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The Recipe for Rebirth: Cacao as Fish in the Mythology and Symbolism of the Ancient Maya
by Michael J. Grofe

Table of Contents

The Cacao Tree and the Maize Deity
The Cacao Tree and the Calabash
Fertility and Humanity: Cacao and the Resurrection of Maize
Cacao and the Hero Twins
Cacao and Fish
Iconographic Respresentations of Fish Transformation
Evidence from Izapa
Evidence from the Classic Period
Maize and Fish
The Aztec Sun of Water
Fish-Man and Water bird: GI of the Palenque Triad and Quetzalcoatl-Ehecatl
Fish and Rain
GI and Quetzalcoatl: Venus and the Sun
The Death and Rebirth of the Sun: Hunahpu, Nanahuatzin and GI
Many in One
The K'iche' Tradition of Cacao


In the K’iche’ Popol Vuh, the head of Hun Hunahpu is likened to a calabash gourd, and in Classic Period iconography, to a cacao pod. This association with cacao continues in Hun Hunahpu's offspring, the Hero Twins. Their self-sacrifice in the underworld parallels the stages of cacao processing: entrance into the underworld (burial, fermentation), burning (roasting), grinding of their bones on a metate, and pouring them into water. Subsequently, the twins are reborn as two fish. The first syllables of kakaw are homophonous with the first consonant and vowel in the proto-Mayan words for 'two', *ka, and 'fish', *kar. A visual representation of this wordplay occurs in glyphic spellings of kakaw, in which a fish, or a fish fin, is read as the syllable ka. The association between cacao and fish can subsequently be traced through mythology and iconographic representations, providing insight into the metaphorical value of cacao as a potent symbol of rebirth.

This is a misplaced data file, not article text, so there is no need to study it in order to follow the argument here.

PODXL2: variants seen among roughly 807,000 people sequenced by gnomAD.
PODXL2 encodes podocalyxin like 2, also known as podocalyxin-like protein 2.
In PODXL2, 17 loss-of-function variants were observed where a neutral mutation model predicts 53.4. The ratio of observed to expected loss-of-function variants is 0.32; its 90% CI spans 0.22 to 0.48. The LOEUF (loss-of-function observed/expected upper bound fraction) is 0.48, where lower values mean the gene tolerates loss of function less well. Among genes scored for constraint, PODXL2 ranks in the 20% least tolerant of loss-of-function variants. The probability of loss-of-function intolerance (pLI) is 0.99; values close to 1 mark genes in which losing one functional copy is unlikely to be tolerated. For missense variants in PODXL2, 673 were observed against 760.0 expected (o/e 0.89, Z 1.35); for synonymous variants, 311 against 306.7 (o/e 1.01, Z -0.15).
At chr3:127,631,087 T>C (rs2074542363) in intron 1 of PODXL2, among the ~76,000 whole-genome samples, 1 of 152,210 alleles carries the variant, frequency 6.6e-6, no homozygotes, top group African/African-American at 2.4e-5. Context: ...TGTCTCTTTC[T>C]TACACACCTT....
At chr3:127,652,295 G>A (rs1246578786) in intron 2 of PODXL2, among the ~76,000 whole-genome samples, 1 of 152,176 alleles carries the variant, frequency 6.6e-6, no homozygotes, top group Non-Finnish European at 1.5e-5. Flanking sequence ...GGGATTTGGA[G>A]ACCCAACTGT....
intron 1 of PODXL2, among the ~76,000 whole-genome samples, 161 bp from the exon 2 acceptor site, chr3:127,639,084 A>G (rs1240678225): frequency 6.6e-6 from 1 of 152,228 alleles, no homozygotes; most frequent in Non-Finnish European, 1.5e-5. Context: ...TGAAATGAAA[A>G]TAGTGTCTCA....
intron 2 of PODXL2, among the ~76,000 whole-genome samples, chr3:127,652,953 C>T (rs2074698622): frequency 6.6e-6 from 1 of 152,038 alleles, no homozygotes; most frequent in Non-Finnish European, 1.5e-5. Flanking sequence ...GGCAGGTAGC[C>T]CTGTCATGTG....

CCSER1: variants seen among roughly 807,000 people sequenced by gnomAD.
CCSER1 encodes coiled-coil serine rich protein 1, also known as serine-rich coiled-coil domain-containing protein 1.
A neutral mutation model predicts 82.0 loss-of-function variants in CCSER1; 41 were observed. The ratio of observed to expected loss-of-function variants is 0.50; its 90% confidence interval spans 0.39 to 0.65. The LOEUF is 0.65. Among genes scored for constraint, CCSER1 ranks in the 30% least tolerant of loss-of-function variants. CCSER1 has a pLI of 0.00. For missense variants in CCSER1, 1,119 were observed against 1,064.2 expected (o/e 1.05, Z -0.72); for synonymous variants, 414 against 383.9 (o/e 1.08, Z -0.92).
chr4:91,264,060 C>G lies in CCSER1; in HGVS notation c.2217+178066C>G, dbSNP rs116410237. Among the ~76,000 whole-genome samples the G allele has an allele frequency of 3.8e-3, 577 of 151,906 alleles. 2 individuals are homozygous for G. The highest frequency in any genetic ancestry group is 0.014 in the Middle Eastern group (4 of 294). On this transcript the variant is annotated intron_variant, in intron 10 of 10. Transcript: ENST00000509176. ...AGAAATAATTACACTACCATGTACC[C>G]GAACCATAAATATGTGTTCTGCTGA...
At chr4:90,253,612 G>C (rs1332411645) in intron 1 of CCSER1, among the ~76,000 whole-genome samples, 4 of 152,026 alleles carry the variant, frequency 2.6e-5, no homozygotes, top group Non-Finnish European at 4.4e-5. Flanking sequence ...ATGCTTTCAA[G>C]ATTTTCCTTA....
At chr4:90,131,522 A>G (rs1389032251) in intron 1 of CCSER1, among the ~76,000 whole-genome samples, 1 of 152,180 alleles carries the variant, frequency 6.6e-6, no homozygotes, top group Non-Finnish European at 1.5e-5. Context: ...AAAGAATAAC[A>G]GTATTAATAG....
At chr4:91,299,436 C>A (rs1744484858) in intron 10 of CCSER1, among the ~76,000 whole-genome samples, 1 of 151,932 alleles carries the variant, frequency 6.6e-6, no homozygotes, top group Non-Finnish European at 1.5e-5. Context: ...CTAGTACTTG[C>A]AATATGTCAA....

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Submitted 04/15/2009 by:

Department of Native American Studies
University of California at Davis

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